I am now looking forward to starting on the prequels.
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Format: Paperback Verified Purchase
I've been re reading the series and I've really enjoyed it all over again. This book is new since I last read them which was an unexpected pleasure. One downside for me in some of the previous books has been the way occasional chunky bits of history and long speeches stall the narrative flow. I disagree with other reviewers in that this book has less chunky bits: Gordianus features on nearly every page and interacts with the history around him. I enjoy exploring Rome and it's people with him and I hope there will be more books.
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Format: Paperback
I agree with the majority of my fellow reviewer's. This leans more towards description of the history of Rome set in a particular time rather that a Murder mystery for Gordianus to solve. But what a time and what marvellous descriptions of them! I pride myself of thinking I know a lot about Rome at the time of Caesar and the great Julius himself but I was pleasantly surprised by Saylor's vivid descriptions and how he introduced me to events and major description of the times There is a `whodunit' or should that read a 'whowilldoit'? For Gordianus is tasked by Caesar's wife to find out who wants Caesar dead and the side issue of who killed Gordianus' predecessor and was it because he was getting too close to the truth? And that in it self poses another problem. Just like in 'The Day of the Jackal' by Frederick Forsyth we all know that the key figure Caesar like Degaulle does not get assassinated... well not until later.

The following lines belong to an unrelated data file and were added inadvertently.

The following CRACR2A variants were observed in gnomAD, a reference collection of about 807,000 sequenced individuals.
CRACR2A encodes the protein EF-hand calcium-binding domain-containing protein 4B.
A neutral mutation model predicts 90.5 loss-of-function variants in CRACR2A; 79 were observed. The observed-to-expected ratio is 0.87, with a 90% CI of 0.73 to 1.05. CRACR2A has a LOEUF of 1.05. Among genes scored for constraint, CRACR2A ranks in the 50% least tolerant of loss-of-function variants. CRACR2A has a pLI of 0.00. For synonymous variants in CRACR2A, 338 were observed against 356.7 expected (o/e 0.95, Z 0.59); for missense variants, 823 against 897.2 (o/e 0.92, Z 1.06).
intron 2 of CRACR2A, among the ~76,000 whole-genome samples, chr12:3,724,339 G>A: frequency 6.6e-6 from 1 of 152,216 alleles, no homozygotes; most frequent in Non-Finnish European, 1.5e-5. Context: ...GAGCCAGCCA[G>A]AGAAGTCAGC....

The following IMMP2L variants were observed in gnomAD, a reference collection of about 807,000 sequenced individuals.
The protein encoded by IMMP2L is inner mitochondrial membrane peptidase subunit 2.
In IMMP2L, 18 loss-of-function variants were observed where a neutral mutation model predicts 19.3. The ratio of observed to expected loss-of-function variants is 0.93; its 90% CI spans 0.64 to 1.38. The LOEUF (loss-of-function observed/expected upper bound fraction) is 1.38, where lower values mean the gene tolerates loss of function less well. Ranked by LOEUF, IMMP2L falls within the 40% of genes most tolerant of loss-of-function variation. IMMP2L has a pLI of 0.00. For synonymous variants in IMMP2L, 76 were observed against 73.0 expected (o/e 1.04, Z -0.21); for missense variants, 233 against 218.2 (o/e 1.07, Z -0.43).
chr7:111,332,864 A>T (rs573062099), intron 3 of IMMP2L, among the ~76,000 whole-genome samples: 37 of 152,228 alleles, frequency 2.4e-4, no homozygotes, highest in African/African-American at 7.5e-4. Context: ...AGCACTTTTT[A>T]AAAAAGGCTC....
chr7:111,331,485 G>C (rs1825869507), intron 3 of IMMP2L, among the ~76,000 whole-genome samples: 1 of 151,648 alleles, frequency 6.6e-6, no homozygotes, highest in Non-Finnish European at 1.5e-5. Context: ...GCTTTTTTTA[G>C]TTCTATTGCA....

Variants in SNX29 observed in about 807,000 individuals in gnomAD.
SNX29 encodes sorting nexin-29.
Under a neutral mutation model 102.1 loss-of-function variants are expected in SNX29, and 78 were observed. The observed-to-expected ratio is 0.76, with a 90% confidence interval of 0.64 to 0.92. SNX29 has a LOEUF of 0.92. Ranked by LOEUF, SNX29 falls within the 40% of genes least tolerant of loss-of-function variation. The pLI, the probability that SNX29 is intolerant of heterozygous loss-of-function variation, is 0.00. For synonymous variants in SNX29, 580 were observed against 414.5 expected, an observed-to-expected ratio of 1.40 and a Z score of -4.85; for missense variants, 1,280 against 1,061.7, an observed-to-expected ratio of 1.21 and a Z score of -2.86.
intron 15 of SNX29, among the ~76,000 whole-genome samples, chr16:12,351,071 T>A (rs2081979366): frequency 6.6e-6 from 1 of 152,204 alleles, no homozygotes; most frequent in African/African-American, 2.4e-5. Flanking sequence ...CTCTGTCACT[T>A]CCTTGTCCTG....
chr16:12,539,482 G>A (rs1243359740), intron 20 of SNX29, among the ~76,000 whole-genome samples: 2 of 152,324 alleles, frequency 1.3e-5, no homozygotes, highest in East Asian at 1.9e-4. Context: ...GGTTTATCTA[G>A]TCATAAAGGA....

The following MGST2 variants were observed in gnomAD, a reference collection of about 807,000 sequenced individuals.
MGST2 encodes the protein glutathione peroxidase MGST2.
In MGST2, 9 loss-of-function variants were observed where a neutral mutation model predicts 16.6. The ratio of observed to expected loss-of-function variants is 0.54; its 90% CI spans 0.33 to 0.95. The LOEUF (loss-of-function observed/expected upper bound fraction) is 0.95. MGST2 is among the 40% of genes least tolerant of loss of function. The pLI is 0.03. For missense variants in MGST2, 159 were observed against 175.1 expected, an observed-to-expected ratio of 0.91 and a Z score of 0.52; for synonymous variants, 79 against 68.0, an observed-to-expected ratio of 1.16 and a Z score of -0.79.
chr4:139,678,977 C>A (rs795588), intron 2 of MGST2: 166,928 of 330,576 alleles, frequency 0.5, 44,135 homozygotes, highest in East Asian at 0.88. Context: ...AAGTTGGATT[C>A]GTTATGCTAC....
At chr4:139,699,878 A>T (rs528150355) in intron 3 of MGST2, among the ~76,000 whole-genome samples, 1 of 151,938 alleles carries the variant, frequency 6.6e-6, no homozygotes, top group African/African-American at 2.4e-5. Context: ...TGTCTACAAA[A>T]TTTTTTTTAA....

Along the way Saylor weaves some of the major player's in Caesar's later regicide... I was particularly impressed with his depiction of Marc Antony.. Surely a figure that Saylor will use in a major book later in the Finder's later episodes (or is Saylor teasing us with Gordianus' family taking over).
All in all a cracking read. Not one of Saylor's best BUT dear reader remember that is up against some really stiff competition Saylor is THAT good. An average Saylor book beats the best of others hands down. I'd say a very satisfying book that you finish with regret that the wonderful story has ended. More please!